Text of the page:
When I saw an article on Entrepreneur’s website titled The Personality Trait That Most Often Predicts Success I was naturally curious. After all, the bulk of my work centers on behaviors or what some call, personality traits.
So what was the personality trait Drake Baer identified that most often predicts success?
Conscientiousness – who knew!
Now I know a bit about conscientiousness as it is one of the traits measured on the Winslow Assessment and one that can be hard to identify during the interview when of course a candidate is bringing his or her best game to the table and typically being as accommodating as they possibly can be.
The Winslow Assessment’s definition of Conscientiousness is someone who is “dependable, loyal, ethical, honorable, trustworthy, dutiful, faithful, and moralistic.” Winslow goes on to say, “This person is aware of those around him or her and places the desires and welfare of others before their own personal preferences. They are willing to do things according to the rules and will not attempt to bend the rules to suit their personal needs or desires. Nor will they attempt to take advantage of others.”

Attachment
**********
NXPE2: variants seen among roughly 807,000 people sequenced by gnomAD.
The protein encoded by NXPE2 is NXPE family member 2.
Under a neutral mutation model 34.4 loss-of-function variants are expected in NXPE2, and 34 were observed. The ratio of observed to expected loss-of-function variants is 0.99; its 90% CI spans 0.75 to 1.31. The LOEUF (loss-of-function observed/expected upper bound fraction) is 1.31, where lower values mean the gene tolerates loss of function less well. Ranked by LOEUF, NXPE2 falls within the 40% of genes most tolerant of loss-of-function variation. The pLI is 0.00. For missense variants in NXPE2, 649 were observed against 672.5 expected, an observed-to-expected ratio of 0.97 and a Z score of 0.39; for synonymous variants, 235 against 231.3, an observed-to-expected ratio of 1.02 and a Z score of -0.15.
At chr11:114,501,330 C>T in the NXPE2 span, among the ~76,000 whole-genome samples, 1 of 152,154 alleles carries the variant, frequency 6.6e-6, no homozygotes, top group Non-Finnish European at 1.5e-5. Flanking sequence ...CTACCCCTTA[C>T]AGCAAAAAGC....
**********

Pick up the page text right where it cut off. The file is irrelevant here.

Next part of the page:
The best way to sum it up is, someone high in Conscientiousness cares and is “aware.” They pay attention to the welfare of management and the organization before their own personal self-interest.
University of Illinois psychologist Brent Roberts describes Conscientious people as, “Those who like to follow rules and norms. You can spot the conscientious kids in the classroom. They sit in their chairs, don’t complain, and don’t act out – which also, of course, contributes to earning good grades from teachers. While conscientiousness doesn’t correlate with high SAT scores, it does predict high GPAs.
To spot conscientious people at work, Roberts says to look for punctuality. If someone shows up on time, that’s a great clue toward conscientiousness, since a punctual person has to be organized enough – and care enough – to arrive on time.”
A caution, being low in Conscientiousness doesn’t mean a person is mean (a client one time said “despicable!”), some of the nicest people I know are low in Conscientiousness, but what it does indicate is that the individual is typically very self-centered or self-absorbed. This self absorbtion can manifest itself as continually putting their interests ahead of those around them, be it the people in their life or the organization they work for.
Conscientiousness may be a slightly difficult trait to ferret out during an interview, but one you will definitely want to know about before you extend a job offer.